Christy Delafield writes for TFN on Mercy Corps' ongoing aid programme in Syria
Many of us in the humanitarian sector know how important headquarter support is to our field staff.
While we may sit in offices in Edinburgh, and in other cities in Europe and the US, we are constantly working to provide our teams with programmatic, fundraising, HR, finance and communications support so they can help more people who need our help.
However, when times of crisis hit – like recently in Aleppo – we can sometimes feel very remote from the work happening on the ground.
I am lucky in that I have the privilege and responsibility to be deployed to see first-hand the great effect organisations like ours can make on lives in tough environments.
I write this from Mercy Corps’ office in Gaziantep, Turkey. From our warehouses here, trucks are loaded with vital supplies such as flour that cross the border and are delivered across northern Syria. As one of the largest aid operations in the country, each month we are able to reach around 470,000 Syrians with our support.
While we have worked for many years in Syria, the past weeks have seen some of the most acute crisis the country has faced in the nearly six-year civil war. The final days of the bombardment and siege of Eastern Aleppo has become a stuttering evacuation of tens of thousands of people.
So far, Mercy Corps has received more than 5,000 of the evacuees from Aleppo at one of our welcome centres. There, our courageous Syrian team members have worked tirelessly to provide food, shelter and urgent medical care.
The conditions are tough. In temperatures hovering around freezing, I’m hearing from our team how Aleppans have waited for hours and days with few supplies to be evacuated. When they leave their homes, they are able to take very few personal possessions with them because of a lack of space on the buses transporting them out.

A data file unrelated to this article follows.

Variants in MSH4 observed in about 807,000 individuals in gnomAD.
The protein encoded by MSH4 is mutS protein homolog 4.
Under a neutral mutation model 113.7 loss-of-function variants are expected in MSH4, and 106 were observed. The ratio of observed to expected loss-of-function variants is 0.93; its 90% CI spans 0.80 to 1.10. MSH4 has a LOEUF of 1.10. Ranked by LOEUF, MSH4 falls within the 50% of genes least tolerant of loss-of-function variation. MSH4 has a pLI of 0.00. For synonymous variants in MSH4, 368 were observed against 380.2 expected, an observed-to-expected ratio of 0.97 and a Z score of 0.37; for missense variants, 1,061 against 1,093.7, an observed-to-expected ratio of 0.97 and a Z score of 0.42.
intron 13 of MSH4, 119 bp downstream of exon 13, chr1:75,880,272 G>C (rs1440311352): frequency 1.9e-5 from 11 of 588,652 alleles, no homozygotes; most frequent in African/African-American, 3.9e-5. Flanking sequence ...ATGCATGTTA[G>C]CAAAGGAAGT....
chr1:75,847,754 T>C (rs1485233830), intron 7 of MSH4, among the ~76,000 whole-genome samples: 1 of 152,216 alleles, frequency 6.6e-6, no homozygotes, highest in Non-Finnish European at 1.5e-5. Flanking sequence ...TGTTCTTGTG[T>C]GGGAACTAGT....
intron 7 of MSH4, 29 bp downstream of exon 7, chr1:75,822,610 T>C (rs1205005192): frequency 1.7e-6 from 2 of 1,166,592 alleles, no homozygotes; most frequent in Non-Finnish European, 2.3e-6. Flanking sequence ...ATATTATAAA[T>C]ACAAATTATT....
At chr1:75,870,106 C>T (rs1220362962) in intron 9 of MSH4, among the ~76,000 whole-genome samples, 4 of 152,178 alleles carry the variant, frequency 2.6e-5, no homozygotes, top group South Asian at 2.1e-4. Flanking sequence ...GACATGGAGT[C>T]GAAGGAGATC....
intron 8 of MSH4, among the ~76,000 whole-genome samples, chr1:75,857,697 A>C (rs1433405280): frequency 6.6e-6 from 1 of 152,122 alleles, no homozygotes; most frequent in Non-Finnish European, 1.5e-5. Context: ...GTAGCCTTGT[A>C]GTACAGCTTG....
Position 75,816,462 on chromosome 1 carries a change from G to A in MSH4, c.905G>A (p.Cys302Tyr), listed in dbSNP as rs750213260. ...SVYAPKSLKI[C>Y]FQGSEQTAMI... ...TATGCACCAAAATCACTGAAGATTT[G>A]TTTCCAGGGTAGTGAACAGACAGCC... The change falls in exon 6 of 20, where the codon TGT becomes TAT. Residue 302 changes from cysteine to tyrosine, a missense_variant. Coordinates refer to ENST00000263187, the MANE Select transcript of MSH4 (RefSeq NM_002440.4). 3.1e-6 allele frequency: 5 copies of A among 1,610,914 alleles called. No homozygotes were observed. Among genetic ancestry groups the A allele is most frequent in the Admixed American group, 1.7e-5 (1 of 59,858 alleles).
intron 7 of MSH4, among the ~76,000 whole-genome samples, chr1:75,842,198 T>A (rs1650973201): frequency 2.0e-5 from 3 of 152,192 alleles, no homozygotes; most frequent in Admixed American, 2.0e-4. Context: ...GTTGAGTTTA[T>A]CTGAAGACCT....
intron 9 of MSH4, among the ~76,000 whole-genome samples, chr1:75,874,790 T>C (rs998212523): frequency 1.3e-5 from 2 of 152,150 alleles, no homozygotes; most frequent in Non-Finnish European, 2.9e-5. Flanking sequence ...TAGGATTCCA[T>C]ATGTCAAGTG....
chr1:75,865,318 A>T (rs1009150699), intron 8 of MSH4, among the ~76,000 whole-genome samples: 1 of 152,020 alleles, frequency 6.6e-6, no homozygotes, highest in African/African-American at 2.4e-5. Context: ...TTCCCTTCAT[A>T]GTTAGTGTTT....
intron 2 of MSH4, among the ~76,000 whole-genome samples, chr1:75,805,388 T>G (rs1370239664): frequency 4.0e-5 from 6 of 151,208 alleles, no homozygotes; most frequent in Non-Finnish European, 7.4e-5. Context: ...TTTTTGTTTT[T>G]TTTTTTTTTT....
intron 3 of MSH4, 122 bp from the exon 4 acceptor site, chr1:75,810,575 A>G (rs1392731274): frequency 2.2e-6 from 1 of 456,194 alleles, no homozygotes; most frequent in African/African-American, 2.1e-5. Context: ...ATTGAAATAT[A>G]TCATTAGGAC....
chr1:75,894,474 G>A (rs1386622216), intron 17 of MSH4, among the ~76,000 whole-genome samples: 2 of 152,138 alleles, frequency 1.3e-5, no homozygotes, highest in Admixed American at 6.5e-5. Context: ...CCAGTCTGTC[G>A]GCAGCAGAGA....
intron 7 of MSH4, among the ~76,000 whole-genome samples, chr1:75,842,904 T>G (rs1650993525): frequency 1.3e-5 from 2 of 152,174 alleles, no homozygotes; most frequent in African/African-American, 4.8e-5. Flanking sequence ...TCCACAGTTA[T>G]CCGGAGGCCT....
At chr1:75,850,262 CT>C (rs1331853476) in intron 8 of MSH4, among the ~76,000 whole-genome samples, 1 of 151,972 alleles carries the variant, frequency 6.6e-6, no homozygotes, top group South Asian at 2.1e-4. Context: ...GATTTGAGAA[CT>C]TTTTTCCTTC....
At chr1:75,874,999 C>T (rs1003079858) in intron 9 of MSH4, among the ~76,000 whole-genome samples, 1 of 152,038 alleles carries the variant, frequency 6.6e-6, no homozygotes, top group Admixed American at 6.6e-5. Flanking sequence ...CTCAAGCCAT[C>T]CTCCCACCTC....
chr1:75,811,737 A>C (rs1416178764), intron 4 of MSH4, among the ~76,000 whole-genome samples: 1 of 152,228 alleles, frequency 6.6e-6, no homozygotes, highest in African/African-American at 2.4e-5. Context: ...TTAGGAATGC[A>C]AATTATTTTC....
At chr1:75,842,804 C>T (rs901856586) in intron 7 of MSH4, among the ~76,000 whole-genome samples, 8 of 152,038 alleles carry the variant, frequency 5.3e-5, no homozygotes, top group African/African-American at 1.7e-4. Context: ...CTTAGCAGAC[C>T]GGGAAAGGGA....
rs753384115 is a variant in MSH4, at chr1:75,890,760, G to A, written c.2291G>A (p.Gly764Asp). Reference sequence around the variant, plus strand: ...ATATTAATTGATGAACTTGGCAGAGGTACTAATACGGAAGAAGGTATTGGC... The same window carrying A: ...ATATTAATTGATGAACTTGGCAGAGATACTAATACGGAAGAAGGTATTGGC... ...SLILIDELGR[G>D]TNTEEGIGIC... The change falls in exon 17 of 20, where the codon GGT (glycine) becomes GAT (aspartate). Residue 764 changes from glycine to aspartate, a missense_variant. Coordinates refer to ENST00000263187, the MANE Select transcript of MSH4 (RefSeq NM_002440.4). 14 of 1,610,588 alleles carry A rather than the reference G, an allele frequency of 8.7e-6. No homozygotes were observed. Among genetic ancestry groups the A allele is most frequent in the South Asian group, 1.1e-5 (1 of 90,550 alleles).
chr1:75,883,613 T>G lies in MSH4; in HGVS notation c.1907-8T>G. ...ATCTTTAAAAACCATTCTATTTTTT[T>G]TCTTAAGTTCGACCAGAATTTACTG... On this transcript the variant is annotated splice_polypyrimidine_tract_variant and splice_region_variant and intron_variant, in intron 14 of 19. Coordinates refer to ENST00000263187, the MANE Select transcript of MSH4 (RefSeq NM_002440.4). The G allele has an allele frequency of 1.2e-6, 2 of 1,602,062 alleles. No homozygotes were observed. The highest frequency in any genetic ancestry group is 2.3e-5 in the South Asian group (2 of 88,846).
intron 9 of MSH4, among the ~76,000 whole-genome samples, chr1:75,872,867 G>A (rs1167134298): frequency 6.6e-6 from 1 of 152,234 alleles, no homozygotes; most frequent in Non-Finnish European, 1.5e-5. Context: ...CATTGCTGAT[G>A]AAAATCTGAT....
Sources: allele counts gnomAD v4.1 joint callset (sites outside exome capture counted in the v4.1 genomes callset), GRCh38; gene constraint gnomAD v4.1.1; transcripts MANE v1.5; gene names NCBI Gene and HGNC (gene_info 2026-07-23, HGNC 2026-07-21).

I’m speaking to our team members daily and they tell me they are constantly searching for new ways to help those displaced. When I marvel at their energy and strength, in the face of such difficulty, they tell me that they don’t let themselves feel tired, “we’ll feel tired after everything is completed.”
It is not lost on me, or any of us, that so many of our Syrian team members are displaced themselves. One colleague said to me about evacuees from Aleppo: "They are sad to leave their homes. It is so hard to leave the house you grew up in and lived in all your life. I know because I left my home in Syria also."
As long as we’re needed, Mercy Corps will continue to receive displaced people when violence forces them to flee their homes and support Syrians in need in other parts of the country.
But, of course, as a non-profit organisation, our courageous team on the frontlines can only do their work thanks to our talented team in Edinburgh and the generosity of those elsewhere. We would like to thank the generous individuals in Scotland and beyond who donate to our work.
With our European headquarters based in Edinburgh, Mercy Corps is lucky to benefit from Scottish support for our work in more than 40 countries around the world.
Whether it is being the international charity partner of the Edinburgh Disaster Response Committee or from the funds raised when individuals participate in the 97.3km Tour de Forth, we are honoured to be part of the Scottish community.
You can send a message to the Mercy Corps Syria team to express your support and admiration for their work at the front of a tough environment.
Christy Delafield is senior global communications officer at Mercy Corps.